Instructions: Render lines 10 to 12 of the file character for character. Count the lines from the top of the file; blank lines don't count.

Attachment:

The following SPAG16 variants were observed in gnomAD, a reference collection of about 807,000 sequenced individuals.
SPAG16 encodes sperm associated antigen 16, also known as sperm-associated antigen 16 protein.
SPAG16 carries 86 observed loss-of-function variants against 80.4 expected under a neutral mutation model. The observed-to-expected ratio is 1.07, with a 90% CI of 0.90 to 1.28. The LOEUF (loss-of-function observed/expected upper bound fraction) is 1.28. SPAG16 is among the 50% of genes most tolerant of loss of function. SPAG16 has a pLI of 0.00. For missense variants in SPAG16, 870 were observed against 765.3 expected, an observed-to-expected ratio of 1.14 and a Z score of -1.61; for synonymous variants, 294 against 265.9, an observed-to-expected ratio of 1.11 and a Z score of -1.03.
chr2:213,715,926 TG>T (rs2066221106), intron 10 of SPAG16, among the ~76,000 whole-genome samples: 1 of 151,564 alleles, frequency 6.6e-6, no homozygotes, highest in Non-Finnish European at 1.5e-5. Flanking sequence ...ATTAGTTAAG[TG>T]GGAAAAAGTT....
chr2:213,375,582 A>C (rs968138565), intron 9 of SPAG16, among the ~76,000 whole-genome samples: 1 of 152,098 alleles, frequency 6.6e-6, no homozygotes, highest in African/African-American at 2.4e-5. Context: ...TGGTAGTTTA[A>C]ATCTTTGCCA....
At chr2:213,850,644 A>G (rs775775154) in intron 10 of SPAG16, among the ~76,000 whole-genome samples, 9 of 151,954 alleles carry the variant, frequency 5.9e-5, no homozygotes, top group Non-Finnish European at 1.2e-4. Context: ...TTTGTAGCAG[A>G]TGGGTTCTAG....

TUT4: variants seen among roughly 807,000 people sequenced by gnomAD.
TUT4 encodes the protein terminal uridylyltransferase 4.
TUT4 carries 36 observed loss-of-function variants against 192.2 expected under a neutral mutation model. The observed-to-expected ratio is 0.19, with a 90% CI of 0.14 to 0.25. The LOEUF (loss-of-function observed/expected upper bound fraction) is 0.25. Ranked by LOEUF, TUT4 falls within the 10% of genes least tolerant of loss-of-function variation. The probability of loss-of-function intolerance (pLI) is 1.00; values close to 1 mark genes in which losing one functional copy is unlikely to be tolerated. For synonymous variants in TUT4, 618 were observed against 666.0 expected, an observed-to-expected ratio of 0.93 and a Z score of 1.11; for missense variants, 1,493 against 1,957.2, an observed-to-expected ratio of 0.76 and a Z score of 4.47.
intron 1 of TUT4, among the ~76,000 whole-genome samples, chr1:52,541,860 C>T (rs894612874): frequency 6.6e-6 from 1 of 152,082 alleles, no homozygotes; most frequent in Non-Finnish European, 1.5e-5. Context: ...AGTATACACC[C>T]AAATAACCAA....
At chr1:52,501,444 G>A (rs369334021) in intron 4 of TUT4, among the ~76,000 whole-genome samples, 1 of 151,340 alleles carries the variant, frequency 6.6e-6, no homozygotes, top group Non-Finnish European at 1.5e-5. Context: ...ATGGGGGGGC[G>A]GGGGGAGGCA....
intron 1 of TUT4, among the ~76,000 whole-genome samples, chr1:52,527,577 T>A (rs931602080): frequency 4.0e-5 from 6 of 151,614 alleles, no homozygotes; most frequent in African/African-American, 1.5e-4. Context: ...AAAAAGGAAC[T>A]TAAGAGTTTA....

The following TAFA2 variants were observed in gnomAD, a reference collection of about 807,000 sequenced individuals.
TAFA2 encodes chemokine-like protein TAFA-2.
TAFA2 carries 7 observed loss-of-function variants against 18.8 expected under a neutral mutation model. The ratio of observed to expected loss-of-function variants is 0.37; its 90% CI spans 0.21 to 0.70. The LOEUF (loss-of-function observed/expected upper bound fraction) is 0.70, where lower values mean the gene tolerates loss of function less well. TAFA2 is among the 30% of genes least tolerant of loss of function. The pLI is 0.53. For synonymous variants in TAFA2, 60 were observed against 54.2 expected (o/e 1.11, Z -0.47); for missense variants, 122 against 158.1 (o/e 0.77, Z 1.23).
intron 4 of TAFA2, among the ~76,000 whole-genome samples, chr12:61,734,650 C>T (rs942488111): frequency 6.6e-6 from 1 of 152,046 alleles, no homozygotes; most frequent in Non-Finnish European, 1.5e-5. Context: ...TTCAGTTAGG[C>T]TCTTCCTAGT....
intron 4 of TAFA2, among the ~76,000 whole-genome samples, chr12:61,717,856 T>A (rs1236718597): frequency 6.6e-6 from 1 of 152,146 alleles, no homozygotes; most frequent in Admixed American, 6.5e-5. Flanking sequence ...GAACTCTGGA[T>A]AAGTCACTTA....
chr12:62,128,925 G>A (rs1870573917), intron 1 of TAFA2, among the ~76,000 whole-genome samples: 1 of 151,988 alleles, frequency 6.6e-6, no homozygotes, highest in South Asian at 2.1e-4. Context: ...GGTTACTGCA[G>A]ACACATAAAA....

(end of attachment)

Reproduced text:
intron 1 of TUT4, among the ~76,000 whole-genome samples, chr1:52,541,860 C>T (rs894612874): frequency 6.6e-6 from 1 of 152,082 alleles, no homozygotes; most frequent in Non-Finnish European, 1.5e-5. Context: ...AGTATACACC[C>T]AAATAACCAA....
At chr1:52,501,444 G>A (rs369334021) in intron 4 of TUT4, among the ~76,000 whole-genome samples, 1 of 151,340 alleles carries the variant, frequency 6.6e-6, no homozygotes, top group Non-Finnish European at 1.5e-5. Context: ...ATGGGGGGGC[G>A]GGGGGAGGCA....
intron 1 of TUT4, among the ~76,000 whole-genome samples, chr1:52,527,577 T>A (rs931602080): frequency 4.0e-5 from 6 of 151,614 alleles, no homozygotes; most frequent in African/African-American, 1.5e-4. Context: ...AAAAAGGAAC[T>A]TAAGAGTTTA....